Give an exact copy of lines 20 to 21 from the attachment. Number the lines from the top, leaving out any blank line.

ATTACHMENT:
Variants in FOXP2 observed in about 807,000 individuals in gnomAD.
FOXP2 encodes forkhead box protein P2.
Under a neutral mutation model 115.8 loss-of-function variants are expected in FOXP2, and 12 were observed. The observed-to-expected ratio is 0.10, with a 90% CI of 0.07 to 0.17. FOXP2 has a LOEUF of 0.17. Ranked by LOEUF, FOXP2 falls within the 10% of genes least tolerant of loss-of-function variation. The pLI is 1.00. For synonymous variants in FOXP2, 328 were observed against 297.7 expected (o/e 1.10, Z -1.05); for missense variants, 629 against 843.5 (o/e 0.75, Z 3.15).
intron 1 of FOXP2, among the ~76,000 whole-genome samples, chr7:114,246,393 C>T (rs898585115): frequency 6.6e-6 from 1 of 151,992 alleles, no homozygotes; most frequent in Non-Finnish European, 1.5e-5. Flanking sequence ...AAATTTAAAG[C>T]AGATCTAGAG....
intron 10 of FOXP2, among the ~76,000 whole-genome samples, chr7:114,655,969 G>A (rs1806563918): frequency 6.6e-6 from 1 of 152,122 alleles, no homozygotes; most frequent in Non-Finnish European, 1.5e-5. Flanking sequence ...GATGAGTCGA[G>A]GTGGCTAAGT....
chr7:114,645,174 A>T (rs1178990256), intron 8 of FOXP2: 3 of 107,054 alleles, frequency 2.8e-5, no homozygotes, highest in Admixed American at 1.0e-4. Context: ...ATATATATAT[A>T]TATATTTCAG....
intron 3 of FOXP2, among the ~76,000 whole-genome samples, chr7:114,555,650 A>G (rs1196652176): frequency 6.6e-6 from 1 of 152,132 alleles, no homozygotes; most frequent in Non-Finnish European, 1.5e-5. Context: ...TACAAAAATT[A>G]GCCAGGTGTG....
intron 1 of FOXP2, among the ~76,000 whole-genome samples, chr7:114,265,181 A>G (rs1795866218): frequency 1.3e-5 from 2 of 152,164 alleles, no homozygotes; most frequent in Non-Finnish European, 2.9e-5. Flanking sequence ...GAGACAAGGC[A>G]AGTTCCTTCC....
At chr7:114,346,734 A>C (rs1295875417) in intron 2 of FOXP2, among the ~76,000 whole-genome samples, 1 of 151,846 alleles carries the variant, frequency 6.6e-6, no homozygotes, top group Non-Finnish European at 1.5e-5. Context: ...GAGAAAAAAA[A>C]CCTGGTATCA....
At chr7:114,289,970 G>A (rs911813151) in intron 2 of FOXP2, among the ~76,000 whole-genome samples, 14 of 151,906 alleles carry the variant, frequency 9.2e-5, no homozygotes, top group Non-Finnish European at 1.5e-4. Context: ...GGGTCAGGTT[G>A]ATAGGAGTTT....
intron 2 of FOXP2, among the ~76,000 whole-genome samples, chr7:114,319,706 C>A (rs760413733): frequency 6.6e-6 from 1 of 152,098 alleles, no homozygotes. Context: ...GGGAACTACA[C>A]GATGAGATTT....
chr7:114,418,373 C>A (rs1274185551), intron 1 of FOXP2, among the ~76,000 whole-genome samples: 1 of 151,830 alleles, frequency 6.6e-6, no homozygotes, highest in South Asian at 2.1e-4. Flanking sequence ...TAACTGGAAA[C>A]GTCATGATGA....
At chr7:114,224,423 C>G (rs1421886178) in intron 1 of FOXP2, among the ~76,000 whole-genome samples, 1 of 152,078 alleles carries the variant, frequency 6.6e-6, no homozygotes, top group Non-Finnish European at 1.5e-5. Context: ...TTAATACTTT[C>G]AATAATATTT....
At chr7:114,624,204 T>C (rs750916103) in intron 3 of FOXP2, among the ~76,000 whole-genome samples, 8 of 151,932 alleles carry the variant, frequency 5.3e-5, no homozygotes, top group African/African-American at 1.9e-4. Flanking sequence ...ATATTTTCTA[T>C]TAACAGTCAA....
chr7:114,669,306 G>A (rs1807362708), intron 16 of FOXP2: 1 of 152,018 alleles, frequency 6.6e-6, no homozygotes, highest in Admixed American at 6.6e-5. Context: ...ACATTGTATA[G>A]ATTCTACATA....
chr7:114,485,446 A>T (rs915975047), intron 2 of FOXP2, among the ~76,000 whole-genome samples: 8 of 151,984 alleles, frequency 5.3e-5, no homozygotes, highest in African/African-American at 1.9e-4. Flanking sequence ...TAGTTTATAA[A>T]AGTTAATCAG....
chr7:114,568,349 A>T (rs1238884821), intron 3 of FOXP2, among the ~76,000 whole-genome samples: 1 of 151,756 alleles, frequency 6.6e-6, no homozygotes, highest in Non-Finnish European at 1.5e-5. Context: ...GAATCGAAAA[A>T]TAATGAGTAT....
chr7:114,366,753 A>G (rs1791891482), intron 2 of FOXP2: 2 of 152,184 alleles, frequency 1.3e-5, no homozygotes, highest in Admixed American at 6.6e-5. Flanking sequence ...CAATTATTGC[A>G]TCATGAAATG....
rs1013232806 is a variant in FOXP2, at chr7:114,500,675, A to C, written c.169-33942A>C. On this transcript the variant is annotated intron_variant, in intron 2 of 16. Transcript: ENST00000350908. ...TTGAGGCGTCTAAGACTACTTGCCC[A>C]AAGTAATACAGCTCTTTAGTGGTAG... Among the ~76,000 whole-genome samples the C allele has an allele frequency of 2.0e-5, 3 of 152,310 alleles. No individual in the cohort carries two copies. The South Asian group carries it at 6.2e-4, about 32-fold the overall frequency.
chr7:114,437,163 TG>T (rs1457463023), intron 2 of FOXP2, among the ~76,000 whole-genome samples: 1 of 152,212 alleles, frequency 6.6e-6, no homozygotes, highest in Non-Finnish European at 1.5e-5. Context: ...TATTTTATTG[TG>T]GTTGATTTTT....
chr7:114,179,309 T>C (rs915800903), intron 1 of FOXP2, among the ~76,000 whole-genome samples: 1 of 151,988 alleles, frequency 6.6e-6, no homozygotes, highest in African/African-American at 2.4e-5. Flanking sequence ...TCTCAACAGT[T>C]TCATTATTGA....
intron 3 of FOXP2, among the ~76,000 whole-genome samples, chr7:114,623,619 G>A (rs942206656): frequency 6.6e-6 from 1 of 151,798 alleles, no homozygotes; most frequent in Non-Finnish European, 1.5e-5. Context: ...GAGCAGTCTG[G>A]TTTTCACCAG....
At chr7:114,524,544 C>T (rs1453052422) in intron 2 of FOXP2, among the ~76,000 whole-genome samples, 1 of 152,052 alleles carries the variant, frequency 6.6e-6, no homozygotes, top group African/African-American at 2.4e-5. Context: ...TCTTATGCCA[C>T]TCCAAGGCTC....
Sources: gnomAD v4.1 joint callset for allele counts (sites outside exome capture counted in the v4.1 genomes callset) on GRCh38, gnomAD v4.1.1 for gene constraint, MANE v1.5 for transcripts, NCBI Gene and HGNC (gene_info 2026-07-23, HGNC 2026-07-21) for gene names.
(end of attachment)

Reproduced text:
chr7:114,437,163 TG>T (rs1457463023), intron 2 of FOXP2, among the ~76,000 whole-genome samples: 1 of 152,212 alleles, frequency 6.6e-6, no homozygotes, highest in Non-Finnish European at 1.5e-5. Context: ...TATTTTATTG[TG>T]GTTGATTTTT....
chr7:114,179,309 T>C (rs915800903), intron 1 of FOXP2, among the ~76,000 whole-genome samples: 1 of 151,988 alleles, frequency 6.6e-6, no homozygotes, highest in African/African-American at 2.4e-5. Flanking sequence ...TCTCAACAGT[T>C]TCATTATTGA....